There's this phenomenon that sometimes surfaces when you get smart people who are extremely loyal to a particular piece of software or process, and then the software or process is criticized for lacking a feature or failing to address a concern. I call it You Don't Need That.
This mentality is sometimes displayed surrounding feature requests in my favorite editor, GNU Emacs. I love Emacs, but it's pretty pathetic that it doesn't have soft returns (sometimes called "word wrap") and it's on version 21.x as of this writing. Heck, Windows' notepad.exe has word wrap. This lack of functionality, by itself, is bad enough, but worse is when a newbie asks about the the feature, and partisans try to convince the newbie that they don't want the feature in the first place.
I wish I could find an example of this happening to link or reproduce here, either with Emacs, or with any other software. I remember reading threads like this when I last searched for information about word wrap in Emacs about 4 years ago but I can't find a good link now. Let me know if you have a link to a good example and I'll post it here.
The hallmark of You Don't Need That is a reasonable request rebuffed with lots of rationalization about why the software needs to be the way it is, often with a nice helping of condescension towards the requester thrown in for good measure.
The right thing is, of course, to listen to the feature request with an open mind, and if it's actually a reasonable request, and there's no actually equivalent functionality and no real workaround that satisfies the user's constraints, then just say so. "Yeah, we didn't have time to do that," "Some early decisions we made to support X make Y hard, sorry," or "Huh, never thought of that, it sounds useful," are all way better to hear than, "You don't really need Y, because if you have Y, then you'll get lazy and then we won't run on teletype over an acoustic coupled modem and we'll sacrifice the orthogonality of our architecture."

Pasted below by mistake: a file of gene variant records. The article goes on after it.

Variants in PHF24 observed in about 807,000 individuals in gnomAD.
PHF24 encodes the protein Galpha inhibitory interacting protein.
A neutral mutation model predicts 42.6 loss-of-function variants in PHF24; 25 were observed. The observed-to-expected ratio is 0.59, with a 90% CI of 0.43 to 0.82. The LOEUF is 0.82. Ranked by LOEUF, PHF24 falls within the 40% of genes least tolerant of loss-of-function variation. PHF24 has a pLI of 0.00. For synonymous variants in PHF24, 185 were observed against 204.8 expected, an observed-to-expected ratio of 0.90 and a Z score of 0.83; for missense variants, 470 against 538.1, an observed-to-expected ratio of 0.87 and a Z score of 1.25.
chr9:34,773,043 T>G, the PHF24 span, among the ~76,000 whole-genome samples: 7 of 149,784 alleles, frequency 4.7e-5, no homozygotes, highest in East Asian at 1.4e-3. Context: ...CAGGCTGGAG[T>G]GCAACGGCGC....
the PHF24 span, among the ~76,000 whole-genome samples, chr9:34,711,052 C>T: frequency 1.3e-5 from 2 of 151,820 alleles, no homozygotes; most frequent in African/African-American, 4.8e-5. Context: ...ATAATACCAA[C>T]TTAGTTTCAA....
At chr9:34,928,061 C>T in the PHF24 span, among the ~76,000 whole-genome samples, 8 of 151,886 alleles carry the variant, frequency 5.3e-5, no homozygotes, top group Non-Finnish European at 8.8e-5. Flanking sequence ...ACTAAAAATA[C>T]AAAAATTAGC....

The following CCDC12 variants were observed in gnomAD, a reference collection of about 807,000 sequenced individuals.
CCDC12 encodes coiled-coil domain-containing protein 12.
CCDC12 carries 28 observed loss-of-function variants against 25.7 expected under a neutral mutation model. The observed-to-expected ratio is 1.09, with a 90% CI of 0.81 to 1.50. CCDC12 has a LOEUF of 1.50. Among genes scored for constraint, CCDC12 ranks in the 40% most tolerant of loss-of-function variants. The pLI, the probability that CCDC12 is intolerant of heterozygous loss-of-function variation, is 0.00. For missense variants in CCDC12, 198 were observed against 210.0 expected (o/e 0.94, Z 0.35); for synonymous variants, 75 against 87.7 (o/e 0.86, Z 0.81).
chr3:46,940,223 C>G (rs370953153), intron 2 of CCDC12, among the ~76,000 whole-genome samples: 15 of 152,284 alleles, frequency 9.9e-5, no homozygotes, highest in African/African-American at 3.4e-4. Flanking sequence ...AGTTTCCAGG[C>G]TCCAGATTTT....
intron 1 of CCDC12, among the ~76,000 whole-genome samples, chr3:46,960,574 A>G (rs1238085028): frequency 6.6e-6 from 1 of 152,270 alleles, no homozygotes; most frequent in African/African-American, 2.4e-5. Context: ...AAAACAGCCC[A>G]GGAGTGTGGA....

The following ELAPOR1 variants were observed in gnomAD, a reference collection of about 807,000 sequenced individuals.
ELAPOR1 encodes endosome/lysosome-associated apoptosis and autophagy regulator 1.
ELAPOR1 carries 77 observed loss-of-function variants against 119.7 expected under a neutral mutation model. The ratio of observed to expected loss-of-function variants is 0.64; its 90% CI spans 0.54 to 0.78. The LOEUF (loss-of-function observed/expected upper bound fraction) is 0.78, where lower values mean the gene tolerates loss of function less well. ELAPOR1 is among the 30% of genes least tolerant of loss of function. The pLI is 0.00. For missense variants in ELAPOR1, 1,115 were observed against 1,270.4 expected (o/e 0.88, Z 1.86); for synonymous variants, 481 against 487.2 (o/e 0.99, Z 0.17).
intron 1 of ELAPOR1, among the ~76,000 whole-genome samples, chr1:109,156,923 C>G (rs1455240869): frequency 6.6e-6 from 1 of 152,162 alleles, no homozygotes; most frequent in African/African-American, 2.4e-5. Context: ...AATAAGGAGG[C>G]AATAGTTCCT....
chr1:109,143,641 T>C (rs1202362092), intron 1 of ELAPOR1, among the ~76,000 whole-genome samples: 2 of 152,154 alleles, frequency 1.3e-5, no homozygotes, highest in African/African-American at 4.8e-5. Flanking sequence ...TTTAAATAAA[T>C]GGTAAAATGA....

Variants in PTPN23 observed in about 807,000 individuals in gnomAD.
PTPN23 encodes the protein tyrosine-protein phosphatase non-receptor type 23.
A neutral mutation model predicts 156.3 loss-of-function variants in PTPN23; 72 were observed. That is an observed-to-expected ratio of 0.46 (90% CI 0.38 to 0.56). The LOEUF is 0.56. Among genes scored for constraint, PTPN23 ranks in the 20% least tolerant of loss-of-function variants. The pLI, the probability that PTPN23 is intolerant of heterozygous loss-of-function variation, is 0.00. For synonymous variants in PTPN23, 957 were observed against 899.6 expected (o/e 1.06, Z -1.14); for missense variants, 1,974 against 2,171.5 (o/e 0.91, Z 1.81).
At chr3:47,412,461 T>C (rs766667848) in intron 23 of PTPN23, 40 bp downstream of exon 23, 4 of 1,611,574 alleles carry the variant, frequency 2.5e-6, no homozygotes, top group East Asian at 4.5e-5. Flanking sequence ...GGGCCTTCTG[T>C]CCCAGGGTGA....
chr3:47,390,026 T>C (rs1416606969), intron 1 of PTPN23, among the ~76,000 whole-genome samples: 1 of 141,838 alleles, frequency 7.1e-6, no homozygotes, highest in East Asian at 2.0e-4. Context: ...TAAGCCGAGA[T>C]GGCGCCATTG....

There are, of course, legitimate times when somebody asks for something and they really actually do want something else but they don't know it. The difference is, in these cases, the "something else" should provide some advantage over the thing they asked for, either for the provider or receiver. Part of the job of a programmer is to figure out what the right way to expose a feature is via an API, and part of this skill is knowing how to get to the heart of the requests coming in and provide the features that satisfy the most requests with the least work while simultaneously not designing yourself into a corner...to hit the knee of the cost/benefit curve.
I'm guilty of saying You Don't Need That on occasion myself—it's just so easy to rationalize away criticism of things in which you've invested heavily, and a feature request can easily be seen as criticism if you're in the wrong mindset. But, I really strive to take feedback with an open mind, and actively listen and make things better. I'm not sure how successful I'm being; my friend and colleague Tony Gialdini, awesome animator and user of some of my decidedly wacky code, posted this on the wall above my desk... :)
- ↑ Apparently version 22 will finally be adding them, yay!